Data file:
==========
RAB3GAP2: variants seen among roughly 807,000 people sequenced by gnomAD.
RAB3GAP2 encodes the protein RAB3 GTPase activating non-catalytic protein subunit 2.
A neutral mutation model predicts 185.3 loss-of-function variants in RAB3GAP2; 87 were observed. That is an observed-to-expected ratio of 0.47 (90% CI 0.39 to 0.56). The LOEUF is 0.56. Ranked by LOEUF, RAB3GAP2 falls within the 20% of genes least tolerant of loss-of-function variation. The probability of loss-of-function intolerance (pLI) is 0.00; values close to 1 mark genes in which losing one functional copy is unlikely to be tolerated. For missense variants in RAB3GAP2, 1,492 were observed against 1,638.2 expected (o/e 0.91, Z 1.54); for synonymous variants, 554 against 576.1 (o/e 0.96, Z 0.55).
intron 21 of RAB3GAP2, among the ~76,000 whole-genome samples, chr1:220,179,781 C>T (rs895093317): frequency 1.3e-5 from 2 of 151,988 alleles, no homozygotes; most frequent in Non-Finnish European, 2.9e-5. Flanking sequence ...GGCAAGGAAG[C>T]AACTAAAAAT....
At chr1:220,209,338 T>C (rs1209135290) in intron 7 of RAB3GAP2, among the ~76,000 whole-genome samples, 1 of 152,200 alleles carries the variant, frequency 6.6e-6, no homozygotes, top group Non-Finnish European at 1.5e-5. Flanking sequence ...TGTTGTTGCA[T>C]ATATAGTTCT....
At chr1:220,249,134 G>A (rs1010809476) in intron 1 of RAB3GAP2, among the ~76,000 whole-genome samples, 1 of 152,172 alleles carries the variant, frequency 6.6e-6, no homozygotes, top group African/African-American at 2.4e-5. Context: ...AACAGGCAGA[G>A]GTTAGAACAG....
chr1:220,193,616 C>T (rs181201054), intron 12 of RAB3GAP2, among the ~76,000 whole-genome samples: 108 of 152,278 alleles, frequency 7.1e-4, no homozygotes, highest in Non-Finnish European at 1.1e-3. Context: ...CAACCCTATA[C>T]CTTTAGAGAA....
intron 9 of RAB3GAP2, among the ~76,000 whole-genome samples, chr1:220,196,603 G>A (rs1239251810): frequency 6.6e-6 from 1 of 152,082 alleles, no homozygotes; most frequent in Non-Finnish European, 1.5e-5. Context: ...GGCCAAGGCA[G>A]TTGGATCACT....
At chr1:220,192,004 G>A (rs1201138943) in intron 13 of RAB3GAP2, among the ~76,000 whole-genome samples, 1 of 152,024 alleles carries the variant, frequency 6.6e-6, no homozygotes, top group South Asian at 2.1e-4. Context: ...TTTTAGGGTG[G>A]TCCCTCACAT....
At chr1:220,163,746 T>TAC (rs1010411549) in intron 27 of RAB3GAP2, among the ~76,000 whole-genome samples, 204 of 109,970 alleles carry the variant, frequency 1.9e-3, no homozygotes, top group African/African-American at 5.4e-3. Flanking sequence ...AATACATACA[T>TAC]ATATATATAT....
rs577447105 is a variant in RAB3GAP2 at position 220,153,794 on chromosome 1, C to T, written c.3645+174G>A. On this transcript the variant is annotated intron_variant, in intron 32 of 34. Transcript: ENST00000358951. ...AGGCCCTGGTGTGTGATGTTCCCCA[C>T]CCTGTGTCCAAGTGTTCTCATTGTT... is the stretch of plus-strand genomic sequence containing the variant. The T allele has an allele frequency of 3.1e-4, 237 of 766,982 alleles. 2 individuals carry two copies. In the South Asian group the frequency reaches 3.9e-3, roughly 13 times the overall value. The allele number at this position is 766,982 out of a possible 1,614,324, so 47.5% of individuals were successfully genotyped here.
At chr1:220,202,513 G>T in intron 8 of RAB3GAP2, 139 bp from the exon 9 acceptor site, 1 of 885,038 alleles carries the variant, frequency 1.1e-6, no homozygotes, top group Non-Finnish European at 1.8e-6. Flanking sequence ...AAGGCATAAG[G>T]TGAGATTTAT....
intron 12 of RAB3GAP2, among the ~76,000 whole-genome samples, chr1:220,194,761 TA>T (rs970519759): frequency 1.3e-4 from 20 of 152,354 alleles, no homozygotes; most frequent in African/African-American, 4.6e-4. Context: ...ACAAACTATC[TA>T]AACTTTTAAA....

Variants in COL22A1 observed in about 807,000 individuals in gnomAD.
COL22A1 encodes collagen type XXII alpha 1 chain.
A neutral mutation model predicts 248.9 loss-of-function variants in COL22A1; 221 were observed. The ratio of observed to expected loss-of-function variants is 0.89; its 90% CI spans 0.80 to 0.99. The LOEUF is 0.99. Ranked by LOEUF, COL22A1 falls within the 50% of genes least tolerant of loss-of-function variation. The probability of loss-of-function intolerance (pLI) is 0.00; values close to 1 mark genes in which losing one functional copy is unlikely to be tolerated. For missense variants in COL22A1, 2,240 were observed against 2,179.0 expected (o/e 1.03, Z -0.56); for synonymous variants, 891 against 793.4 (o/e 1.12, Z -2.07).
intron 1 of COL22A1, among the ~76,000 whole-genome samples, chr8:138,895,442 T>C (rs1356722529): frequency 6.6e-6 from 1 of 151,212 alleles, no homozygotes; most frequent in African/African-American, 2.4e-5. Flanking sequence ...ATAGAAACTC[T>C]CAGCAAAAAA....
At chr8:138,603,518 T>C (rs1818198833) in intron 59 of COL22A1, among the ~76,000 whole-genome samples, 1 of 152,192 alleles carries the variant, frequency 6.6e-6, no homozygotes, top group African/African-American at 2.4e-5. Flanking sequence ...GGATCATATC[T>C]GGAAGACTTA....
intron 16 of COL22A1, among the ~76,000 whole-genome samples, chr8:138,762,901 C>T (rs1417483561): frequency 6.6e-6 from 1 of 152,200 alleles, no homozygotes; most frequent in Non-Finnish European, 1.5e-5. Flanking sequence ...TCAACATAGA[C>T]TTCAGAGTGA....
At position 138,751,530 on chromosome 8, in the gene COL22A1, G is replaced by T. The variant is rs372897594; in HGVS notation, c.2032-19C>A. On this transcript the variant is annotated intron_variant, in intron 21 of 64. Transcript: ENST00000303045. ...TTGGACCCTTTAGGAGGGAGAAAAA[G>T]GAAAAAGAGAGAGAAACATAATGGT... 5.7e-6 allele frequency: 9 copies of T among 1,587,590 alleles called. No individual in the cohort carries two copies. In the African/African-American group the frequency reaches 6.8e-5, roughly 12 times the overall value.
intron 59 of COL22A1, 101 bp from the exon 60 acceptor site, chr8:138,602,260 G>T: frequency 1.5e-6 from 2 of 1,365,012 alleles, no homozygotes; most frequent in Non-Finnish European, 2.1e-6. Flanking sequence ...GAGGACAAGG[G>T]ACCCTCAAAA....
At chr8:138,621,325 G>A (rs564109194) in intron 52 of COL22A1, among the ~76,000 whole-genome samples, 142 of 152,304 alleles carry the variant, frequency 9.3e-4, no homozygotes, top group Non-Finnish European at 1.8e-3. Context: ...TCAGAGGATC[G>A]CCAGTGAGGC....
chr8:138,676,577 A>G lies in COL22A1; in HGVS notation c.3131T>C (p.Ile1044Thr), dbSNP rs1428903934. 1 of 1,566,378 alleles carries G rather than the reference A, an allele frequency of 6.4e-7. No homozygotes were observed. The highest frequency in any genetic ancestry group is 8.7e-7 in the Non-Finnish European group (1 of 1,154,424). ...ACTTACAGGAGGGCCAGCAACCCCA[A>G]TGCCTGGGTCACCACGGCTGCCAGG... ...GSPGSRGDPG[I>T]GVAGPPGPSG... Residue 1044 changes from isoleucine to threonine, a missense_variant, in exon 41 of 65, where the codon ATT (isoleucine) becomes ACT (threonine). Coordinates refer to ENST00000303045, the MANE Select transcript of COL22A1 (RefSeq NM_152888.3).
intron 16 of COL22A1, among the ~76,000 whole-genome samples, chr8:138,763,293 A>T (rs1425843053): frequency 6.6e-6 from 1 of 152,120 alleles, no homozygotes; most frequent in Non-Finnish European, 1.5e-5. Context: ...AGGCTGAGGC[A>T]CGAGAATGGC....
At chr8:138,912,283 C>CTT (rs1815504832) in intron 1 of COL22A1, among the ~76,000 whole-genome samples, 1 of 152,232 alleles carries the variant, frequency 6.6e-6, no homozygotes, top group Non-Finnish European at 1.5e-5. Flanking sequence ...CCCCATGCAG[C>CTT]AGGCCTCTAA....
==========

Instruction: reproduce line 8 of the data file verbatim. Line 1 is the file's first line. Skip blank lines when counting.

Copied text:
intron 9 of RAB3GAP2, among the ~76,000 whole-genome samples, chr1:220,196,603 G>A (rs1239251810): frequency 6.6e-6 from 1 of 152,082 alleles, no homozygotes; most frequent in Non-Finnish European, 1.5e-5. Context: ...GGCCAAGGCA[G>A]TTGGATCACT....